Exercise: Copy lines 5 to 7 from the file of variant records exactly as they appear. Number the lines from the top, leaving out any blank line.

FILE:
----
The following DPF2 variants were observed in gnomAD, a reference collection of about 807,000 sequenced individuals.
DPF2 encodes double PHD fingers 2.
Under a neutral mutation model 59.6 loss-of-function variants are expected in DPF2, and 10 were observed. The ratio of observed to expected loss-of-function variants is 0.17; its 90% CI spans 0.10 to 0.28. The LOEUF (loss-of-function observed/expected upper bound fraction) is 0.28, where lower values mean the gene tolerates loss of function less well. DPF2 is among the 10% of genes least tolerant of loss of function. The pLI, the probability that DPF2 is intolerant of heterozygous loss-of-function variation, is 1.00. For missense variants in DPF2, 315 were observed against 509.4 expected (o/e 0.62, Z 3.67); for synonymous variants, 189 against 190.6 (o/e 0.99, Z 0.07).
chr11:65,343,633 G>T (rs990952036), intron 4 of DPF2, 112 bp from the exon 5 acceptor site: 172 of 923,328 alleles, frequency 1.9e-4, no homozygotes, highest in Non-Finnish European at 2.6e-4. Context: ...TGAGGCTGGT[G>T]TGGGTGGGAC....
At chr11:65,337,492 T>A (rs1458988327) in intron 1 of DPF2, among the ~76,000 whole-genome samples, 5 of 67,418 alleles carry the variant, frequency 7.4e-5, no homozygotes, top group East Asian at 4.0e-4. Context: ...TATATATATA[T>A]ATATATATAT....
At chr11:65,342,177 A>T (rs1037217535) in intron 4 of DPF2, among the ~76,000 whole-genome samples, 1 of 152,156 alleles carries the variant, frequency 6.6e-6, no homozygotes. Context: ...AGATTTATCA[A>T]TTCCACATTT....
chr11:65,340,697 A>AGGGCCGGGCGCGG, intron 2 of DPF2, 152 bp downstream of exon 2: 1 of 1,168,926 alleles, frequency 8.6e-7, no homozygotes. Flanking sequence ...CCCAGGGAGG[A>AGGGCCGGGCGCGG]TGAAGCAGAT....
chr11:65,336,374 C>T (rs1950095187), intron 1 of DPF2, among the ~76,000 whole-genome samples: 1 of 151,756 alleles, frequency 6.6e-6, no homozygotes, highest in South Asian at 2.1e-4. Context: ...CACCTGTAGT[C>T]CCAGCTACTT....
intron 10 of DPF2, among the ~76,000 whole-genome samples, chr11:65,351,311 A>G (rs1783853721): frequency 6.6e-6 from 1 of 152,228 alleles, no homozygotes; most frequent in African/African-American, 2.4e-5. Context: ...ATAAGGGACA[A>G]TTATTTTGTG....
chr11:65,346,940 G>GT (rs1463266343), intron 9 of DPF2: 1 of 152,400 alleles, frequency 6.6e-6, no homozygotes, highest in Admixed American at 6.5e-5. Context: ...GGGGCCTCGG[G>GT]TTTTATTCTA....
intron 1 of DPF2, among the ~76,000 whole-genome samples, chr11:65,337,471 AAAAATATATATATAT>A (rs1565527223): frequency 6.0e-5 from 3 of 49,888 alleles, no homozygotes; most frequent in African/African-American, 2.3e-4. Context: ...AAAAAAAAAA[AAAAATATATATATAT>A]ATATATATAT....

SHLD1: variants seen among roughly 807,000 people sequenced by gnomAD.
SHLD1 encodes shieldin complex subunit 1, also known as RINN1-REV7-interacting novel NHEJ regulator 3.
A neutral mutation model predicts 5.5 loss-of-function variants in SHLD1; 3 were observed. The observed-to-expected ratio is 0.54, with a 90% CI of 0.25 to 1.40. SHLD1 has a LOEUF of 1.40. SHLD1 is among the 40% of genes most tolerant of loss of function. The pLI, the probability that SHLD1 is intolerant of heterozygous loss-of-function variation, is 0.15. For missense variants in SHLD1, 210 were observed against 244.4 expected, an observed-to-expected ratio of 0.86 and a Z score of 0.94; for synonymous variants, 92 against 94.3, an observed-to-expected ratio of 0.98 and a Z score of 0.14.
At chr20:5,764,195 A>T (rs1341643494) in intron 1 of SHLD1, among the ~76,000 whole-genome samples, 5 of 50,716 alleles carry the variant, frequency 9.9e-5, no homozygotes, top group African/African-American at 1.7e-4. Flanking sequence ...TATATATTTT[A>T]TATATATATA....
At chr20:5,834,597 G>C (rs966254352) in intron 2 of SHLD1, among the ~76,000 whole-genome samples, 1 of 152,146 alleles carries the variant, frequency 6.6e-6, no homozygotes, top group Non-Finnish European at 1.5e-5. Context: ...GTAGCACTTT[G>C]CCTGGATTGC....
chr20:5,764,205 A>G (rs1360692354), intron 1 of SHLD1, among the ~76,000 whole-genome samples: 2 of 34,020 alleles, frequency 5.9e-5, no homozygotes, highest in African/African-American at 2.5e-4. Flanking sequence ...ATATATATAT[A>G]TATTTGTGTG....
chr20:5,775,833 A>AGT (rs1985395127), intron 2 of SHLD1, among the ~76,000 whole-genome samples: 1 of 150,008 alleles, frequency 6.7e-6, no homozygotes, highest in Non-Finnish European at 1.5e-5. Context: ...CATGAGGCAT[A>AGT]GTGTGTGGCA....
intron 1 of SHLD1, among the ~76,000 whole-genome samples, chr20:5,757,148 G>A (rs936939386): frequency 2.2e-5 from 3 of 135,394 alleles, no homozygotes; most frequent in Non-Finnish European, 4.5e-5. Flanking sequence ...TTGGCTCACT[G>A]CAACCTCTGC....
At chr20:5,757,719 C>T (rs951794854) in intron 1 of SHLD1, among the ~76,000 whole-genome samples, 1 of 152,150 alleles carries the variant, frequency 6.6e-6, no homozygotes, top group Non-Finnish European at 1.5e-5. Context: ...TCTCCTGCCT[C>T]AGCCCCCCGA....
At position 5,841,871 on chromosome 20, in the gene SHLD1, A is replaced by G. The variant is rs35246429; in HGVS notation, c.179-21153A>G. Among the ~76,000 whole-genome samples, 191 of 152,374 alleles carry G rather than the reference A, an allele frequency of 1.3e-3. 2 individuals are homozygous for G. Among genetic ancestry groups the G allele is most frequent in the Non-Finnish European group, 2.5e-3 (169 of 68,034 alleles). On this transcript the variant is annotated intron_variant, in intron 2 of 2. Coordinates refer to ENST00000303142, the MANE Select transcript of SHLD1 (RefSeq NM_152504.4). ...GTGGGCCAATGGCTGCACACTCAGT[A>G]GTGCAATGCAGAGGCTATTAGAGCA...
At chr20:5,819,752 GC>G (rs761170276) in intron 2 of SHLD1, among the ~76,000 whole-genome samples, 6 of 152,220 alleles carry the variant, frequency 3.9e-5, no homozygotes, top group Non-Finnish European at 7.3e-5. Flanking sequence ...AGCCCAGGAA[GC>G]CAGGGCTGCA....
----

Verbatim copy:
At chr11:65,337,492 T>A (rs1458988327) in intron 1 of DPF2, among the ~76,000 whole-genome samples, 5 of 67,418 alleles carry the variant, frequency 7.4e-5, no homozygotes, top group East Asian at 4.0e-4. Context: ...TATATATATA[T>A]ATATATATAT....
At chr11:65,342,177 A>T (rs1037217535) in intron 4 of DPF2, among the ~76,000 whole-genome samples, 1 of 152,156 alleles carries the variant, frequency 6.6e-6, no homozygotes. Context: ...AGATTTATCA[A>T]TTCCACATTT....
chr11:65,340,697 A>AGGGCCGGGCGCGG, intron 2 of DPF2, 152 bp downstream of exon 2: 1 of 1,168,926 alleles, frequency 8.6e-7, no homozygotes. Flanking sequence ...CCCAGGGAGG[A>AGGGCCGGGCGCGG]TGAAGCAGAT....